Diseases can lead to a loss of orientation of collagen fibres as well, which adopt a more random distribution; this was observed, for example, in liver fibrosis , in heart diseases , or in denervated bones with reduced mechanical stress . Cancer cells are also involved in the re-orientation of collagen fibres around tumours, by changing the typical tangled and disorganised collagen fibres that can be found within the stroma, towards thickened collagen fibres that are aligned perpendicularly to the boundary of the invading tumour [1, 10]. The density and orientation of collagen fibres inside the ECM plays an important role also in the evolution of cancer, as cancer cells not only move along collagen fibres [1, 10], but they also remodel the ECM through degradation [e.g., via matrix metalloproteases (MMPs)] and deposition of new matrix proteins , which interfere with cell-cell and cell-ECM adhesion, as well as cell polarity .
Despite all this wealth of information regarding the role of ECM in cancer progression, there is still a poor understanding of the roles of collagen fibre orientation on the individual and collective migration of cancer cells (and the non-local interactions between cells via these stiffened fibres), how the cells remodel the ECM, and how these complex cell-fibre interactions impact the overall tumour shape and invasion pattern. In a seminal paper, Friedl and Alexander  have reviewed the different mechanisms of individual and collective cancer cell migration: from single cells amoeboid and mesenchymal migration, to multicellular amoeboid and mesenchymal streaming, and various types of collective cell migration (clusters, strands, or files). Friedl and Alexander  also mentioned the spatially-expanding tumours that undergo growth and thus passively move by pushing the surrounding tissue. In contrast to the cancer cells that actively move in a collective manner along collagen fibres, the spatially-expanding tumours can be found within a capsule of ECM formed of aligned collagen fibres that are circularly disposed around this growing tumour. The different modes of migration are unstable and can change upon variations in cell-cell and cell-ECM adhesion .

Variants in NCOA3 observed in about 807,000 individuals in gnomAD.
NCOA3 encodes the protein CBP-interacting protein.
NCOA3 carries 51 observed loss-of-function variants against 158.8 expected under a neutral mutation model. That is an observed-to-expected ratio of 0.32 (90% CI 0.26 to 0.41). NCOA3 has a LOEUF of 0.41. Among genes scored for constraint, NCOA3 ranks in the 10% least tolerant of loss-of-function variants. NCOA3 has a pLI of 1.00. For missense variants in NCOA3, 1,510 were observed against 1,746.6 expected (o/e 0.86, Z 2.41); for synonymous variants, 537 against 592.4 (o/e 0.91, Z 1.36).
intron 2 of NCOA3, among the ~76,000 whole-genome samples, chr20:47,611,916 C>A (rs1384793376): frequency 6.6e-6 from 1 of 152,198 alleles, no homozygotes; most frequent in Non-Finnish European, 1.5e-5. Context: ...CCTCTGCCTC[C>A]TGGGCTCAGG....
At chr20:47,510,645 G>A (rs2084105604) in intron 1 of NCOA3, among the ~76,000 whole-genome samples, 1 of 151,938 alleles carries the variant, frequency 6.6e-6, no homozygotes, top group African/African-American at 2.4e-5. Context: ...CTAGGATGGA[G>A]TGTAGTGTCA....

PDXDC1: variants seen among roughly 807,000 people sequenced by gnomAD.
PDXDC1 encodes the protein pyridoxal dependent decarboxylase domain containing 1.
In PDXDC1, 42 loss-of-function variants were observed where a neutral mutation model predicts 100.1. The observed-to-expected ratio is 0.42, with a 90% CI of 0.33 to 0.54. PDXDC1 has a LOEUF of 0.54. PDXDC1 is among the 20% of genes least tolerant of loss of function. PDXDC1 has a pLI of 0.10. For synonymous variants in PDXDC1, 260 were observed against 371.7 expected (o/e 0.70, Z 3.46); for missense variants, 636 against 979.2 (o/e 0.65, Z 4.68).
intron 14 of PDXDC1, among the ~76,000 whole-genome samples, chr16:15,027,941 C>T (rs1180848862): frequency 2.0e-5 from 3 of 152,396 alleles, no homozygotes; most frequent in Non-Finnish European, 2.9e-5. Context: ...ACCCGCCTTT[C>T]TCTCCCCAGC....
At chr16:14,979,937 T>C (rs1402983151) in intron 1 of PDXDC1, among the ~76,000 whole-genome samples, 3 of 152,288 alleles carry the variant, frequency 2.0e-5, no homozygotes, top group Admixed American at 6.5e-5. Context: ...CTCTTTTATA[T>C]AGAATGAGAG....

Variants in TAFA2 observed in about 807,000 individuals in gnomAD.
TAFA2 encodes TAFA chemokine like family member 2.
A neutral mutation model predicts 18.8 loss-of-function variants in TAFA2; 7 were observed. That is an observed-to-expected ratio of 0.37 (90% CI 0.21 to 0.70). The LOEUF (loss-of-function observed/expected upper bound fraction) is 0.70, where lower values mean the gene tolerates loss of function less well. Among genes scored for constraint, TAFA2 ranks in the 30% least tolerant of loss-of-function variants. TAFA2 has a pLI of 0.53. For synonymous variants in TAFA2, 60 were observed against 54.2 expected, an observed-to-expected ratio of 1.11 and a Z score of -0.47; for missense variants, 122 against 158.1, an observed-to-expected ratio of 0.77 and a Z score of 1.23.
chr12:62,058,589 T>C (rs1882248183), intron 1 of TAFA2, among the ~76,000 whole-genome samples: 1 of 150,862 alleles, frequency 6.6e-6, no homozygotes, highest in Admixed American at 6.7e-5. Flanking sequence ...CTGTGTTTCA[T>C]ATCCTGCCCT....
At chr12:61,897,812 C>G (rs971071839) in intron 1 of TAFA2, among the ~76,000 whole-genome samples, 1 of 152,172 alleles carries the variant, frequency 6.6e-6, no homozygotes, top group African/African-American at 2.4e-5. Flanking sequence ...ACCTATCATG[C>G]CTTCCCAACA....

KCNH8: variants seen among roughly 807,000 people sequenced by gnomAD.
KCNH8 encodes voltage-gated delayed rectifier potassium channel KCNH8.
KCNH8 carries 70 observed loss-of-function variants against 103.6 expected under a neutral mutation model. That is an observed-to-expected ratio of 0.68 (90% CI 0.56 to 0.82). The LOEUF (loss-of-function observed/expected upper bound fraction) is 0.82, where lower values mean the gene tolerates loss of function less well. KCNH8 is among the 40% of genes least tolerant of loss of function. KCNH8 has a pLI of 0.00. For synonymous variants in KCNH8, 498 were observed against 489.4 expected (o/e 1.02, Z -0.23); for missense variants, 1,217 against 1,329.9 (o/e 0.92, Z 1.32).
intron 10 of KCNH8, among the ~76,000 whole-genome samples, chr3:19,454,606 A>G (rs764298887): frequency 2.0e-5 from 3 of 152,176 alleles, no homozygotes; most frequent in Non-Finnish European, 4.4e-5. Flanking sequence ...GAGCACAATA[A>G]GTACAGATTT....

While many studies  discuss the various types of invasion of tumour aggregations (as a result of single cell interactions with other cells or with the ECM), it is still not fully understood how cells perceive other cells further away (although it seems that they can mechanically sense and react to the presence of other cells up to 100 µm away ), and how this perception can impact the overall tumour shape. Moreover, it is still not fully understood how the various tissue types can impact the migration of tumour cells and tumour aggregations (as tumours can develop at the boundaries of different tissues with different characteristics).